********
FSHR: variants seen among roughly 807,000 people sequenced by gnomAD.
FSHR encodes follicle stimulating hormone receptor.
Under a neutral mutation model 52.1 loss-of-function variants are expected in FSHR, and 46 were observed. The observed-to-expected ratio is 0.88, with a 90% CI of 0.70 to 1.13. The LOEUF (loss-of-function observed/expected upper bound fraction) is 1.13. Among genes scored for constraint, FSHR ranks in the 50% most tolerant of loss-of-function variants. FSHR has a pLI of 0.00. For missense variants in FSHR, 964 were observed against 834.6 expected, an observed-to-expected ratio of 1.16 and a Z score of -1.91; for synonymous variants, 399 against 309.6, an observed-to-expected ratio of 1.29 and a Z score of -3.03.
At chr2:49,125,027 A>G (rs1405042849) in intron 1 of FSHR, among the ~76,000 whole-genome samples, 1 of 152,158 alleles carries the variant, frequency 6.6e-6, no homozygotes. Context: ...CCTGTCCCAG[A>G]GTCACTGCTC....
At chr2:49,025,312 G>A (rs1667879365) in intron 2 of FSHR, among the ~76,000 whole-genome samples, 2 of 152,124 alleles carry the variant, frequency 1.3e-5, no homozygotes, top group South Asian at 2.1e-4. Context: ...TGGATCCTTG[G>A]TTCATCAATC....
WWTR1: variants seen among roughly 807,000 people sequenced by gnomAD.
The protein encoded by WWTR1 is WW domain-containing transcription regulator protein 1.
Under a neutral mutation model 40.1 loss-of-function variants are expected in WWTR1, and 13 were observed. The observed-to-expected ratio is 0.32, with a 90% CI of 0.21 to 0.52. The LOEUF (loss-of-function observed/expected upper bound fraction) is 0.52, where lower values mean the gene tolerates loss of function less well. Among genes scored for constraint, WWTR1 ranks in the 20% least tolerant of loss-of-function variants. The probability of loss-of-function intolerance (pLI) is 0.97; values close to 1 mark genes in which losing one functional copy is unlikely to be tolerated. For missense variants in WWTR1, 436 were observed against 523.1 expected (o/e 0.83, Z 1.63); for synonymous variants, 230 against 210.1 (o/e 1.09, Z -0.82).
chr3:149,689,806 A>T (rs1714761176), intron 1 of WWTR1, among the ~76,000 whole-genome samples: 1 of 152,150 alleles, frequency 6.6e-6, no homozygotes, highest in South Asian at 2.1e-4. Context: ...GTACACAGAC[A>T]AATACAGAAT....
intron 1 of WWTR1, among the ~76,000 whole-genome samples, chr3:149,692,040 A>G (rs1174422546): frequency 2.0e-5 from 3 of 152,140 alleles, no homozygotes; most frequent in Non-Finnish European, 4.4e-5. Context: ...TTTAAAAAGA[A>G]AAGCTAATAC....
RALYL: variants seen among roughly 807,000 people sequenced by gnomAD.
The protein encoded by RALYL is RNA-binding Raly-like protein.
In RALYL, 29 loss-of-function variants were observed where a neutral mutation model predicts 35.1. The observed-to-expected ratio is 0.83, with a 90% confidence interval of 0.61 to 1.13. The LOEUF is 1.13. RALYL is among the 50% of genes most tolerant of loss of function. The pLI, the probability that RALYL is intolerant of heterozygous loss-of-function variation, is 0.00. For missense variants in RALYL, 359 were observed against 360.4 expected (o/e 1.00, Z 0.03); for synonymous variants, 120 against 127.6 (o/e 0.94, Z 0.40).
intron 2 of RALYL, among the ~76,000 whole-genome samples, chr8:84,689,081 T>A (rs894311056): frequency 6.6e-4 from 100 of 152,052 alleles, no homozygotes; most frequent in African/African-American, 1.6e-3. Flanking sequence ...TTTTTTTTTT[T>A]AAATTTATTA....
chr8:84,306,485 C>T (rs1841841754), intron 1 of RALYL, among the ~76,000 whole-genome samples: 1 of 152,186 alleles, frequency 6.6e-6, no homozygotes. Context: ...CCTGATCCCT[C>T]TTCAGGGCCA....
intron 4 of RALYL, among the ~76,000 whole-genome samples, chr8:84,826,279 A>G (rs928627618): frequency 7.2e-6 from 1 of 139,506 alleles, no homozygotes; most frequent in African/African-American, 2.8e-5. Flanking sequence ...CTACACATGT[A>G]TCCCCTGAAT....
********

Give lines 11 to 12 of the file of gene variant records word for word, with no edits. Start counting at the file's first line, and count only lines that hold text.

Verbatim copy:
RALYL: variants seen among roughly 807,000 people sequenced by gnomAD.
The protein encoded by RALYL is RNA-binding Raly-like protein.